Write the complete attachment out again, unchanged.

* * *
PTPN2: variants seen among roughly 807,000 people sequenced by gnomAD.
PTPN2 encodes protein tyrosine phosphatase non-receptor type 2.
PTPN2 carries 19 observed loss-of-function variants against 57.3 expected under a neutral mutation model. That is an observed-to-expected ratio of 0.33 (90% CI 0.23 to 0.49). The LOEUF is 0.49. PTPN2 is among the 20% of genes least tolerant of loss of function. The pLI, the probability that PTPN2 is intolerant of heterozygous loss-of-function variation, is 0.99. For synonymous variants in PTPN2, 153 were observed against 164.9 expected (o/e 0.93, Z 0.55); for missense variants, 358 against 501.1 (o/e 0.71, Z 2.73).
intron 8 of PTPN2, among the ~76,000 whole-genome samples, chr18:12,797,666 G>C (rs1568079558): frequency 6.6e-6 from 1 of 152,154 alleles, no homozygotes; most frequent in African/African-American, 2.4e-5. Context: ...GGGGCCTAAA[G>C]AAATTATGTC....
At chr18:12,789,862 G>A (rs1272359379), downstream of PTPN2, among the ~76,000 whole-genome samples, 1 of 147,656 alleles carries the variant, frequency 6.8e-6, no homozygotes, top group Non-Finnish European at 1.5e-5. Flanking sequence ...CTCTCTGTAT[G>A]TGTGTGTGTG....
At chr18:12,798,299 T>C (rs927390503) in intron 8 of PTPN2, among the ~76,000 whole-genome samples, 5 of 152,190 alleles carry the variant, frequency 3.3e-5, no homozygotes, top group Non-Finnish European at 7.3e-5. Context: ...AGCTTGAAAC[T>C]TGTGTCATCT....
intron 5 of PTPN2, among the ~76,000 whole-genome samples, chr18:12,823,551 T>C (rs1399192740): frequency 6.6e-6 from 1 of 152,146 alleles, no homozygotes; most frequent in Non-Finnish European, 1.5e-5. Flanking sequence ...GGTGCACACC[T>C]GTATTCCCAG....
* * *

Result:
PTPN2: variants seen among roughly 807,000 people sequenced by gnomAD.
PTPN2 encodes protein tyrosine phosphatase non-receptor type 2.
PTPN2 carries 19 observed loss-of-function variants against 57.3 expected under a neutral mutation model. That is an observed-to-expected ratio of 0.33 (90% CI 0.23 to 0.49). The LOEUF is 0.49. PTPN2 is among the 20% of genes least tolerant of loss of function. The pLI, the probability that PTPN2 is intolerant of heterozygous loss-of-function variation, is 0.99. For synonymous variants in PTPN2, 153 were observed against 164.9 expected (o/e 0.93, Z 0.55); for missense variants, 358 against 501.1 (o/e 0.71, Z 2.73).
intron 8 of PTPN2, among the ~76,000 whole-genome samples, chr18:12,797,666 G>C (rs1568079558): frequency 6.6e-6 from 1 of 152,154 alleles, no homozygotes; most frequent in African/African-American, 2.4e-5. Context: ...GGGGCCTAAA[G>C]AAATTATGTC....
At chr18:12,789,862 G>A (rs1272359379), downstream of PTPN2, among the ~76,000 whole-genome samples, 1 of 147,656 alleles carries the variant, frequency 6.8e-6, no homozygotes, top group Non-Finnish European at 1.5e-5. Flanking sequence ...CTCTCTGTAT[G>A]TGTGTGTGTG....
At chr18:12,798,299 T>C (rs927390503) in intron 8 of PTPN2, among the ~76,000 whole-genome samples, 5 of 152,190 alleles carry the variant, frequency 3.3e-5, no homozygotes, top group Non-Finnish European at 7.3e-5. Context: ...AGCTTGAAAC[T>C]TGTGTCATCT....
intron 5 of PTPN2, among the ~76,000 whole-genome samples, chr18:12,823,551 T>C (rs1399192740): frequency 6.6e-6 from 1 of 152,146 alleles, no homozygotes; most frequent in Non-Finnish European, 1.5e-5. Flanking sequence ...GGTGCACACC[T>C]GTATTCCCAG....